I have worked out a solution for this problem, however I am trying to reach an O(1) solution without the use of two for loops. The output should read as a3b2c4d1 for the solution below.

i.e. I want to be able to describe which is a "greedy" approach and the tradeoffs of each.

Here is my current solution:

let countLetters = (str) => {
    let arr = str.split(''),
      map = {},
      ret = '';
    for (var i = 0; i < arr.length; i++) {
      map[arr[i]] = str.match(new RegExp(arr[i], 'g')).length
	for (let i in map) {
    	ret += `${i + map[i]}`
    return ret;


Can someone explain to me what is the time complexity of the current solution, and possible how to think in better terms of reaching a better time complexity?

  • \$\begingroup\$ Strings are basically unordered list so... you can't really get O(1) since there is no way to tell the remaining without checking them. And you need the second for loop because you don't know what count you'll have until the end of the first loop. \$\endgroup\$ – Neil May 10 at 3:25

Big \$O\$

Time complexity is a ratio of some input metric (e.g. the number of character in the string) to the number of instructions required to complete the function.

In this case the metric \$n\$ is the string length. The first loop that uses String.match must for each character check all characters to find a count. That means at least \$n * n\$ steps need to be performed to do the operation.

Thus the complexity of the function is said to be \$O(n^2)\$

If you think about how you would solve it on paper. You would go over each character once with a list of characters found adding 1 to each count as you find them. This would have a time complexity of \$O(n)\$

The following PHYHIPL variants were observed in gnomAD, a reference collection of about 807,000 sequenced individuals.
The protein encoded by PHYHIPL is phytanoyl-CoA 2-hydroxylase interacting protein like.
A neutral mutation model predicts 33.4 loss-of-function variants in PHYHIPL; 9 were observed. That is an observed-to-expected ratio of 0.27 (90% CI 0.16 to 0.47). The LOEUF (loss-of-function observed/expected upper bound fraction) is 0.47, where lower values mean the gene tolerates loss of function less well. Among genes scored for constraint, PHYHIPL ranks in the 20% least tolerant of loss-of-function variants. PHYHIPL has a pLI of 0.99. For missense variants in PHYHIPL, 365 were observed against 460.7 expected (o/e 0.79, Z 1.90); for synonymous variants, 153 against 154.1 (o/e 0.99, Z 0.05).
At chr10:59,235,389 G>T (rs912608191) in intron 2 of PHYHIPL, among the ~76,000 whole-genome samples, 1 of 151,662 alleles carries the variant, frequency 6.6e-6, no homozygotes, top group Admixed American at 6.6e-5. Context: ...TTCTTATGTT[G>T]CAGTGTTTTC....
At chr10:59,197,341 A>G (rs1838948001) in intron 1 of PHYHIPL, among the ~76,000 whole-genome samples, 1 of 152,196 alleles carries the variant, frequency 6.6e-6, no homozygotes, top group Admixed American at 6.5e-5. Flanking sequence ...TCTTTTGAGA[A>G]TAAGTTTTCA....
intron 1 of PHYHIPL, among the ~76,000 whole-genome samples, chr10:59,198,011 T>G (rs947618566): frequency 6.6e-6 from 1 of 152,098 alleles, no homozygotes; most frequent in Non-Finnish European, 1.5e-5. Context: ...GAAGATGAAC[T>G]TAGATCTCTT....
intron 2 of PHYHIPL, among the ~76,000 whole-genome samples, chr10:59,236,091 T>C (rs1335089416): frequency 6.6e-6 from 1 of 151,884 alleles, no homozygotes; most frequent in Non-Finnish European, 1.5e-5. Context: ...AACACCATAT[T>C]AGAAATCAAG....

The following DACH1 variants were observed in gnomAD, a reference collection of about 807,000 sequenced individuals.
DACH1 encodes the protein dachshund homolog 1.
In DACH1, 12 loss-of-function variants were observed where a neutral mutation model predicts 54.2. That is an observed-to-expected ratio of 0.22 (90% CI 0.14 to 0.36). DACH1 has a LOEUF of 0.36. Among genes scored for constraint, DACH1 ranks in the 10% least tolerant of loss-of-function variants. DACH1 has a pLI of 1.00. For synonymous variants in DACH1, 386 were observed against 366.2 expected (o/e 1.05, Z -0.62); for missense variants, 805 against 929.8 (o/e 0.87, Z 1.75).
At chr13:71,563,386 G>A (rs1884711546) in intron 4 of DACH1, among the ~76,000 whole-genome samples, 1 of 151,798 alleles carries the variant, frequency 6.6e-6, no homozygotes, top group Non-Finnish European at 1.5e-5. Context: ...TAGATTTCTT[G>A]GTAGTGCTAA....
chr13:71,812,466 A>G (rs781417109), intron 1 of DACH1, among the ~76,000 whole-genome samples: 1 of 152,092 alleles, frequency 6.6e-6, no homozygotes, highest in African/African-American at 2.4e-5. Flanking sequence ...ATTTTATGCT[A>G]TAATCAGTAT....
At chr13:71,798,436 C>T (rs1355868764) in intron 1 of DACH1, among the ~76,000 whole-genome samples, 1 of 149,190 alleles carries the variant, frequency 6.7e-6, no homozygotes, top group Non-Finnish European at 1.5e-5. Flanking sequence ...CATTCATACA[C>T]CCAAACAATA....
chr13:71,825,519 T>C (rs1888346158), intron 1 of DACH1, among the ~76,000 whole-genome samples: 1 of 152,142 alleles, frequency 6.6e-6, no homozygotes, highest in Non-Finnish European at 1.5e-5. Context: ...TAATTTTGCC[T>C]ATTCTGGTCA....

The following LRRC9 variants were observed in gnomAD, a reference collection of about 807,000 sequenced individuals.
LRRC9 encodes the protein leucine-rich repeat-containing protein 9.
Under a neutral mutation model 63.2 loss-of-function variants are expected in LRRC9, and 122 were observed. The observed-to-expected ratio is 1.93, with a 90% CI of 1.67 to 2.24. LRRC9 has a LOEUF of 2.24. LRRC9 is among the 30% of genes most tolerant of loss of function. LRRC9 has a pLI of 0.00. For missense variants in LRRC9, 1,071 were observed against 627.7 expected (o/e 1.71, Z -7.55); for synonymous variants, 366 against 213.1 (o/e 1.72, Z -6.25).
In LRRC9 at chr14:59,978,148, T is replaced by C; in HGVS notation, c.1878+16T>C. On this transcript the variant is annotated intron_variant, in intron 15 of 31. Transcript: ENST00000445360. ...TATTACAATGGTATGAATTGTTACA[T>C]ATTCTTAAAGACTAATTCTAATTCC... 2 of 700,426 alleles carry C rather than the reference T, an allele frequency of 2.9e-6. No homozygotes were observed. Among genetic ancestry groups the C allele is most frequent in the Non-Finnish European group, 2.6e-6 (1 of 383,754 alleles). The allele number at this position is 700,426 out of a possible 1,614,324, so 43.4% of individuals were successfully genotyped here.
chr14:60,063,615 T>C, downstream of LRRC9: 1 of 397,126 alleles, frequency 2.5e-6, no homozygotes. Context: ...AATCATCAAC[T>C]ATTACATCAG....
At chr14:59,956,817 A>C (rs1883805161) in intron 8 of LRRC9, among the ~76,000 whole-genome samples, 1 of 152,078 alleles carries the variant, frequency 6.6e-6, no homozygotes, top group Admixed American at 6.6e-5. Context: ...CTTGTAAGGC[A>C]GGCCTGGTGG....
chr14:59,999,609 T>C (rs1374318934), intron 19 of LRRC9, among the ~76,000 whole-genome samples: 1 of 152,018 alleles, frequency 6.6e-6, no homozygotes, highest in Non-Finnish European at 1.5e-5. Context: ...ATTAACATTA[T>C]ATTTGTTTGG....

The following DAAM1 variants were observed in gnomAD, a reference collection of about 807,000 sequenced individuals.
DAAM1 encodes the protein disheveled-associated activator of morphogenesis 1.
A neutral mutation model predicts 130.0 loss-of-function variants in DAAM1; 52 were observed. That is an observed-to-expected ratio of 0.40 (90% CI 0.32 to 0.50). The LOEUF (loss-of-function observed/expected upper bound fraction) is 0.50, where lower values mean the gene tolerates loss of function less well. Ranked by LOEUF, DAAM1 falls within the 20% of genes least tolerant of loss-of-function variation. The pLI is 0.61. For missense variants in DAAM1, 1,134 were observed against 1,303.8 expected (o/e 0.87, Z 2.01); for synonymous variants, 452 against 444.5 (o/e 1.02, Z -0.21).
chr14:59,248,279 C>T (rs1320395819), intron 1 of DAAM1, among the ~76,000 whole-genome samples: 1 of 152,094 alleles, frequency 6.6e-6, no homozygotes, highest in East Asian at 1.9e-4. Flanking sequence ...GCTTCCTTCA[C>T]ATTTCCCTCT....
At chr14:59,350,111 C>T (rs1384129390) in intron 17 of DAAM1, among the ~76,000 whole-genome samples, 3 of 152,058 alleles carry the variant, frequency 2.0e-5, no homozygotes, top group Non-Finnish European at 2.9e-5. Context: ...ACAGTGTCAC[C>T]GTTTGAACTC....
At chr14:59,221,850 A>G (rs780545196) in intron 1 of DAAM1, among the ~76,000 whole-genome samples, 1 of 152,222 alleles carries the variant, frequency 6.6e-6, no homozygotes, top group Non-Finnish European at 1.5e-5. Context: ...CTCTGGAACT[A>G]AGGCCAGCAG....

Maps use a hash function to locate an item \$O(1)\$. So the time complexity to find out if you have counted a character before is \$O(1)\$, rather than your regExp \$O(n)\$

function countLetters(str) {
    const charCounts = {};
    var result = "";
    for (const c of str) { 
        if (charCounts[c]) { charCounts[c] += 1 }
        else { charCounts[c] = 1 }
    for (const [char, count] of Object.entries(charCounts)) {
        result += char + " has " + count + " ";
    return result;

The second loop to create the result, will count in the worst case each character again. Thus the number of instructions is \$2n\$ In big \$O\$ notation the scale \$2\$ is insignificant compared to powers, even if it was \$1000000n\$ we ignore the scale and make it just \$n\$

It can not be done with less complexity as you need to check every character at least once. Because you do not know what the characters are before you check them.

Style Notes.

  • Use ; or not, never use them sometimes.
  • Careful with indentation. You indent 4 and sometime 2 spaces, use either not both.
  • Use Function declarations in favor of arrow functions when in global scope.
  • Variables that do not change should be declared as constants const
  • Use for of rather than for in
  • \$\begingroup\$ Wow. thank you. \$\endgroup\$ – iamwhitebox May 10 at 3:53

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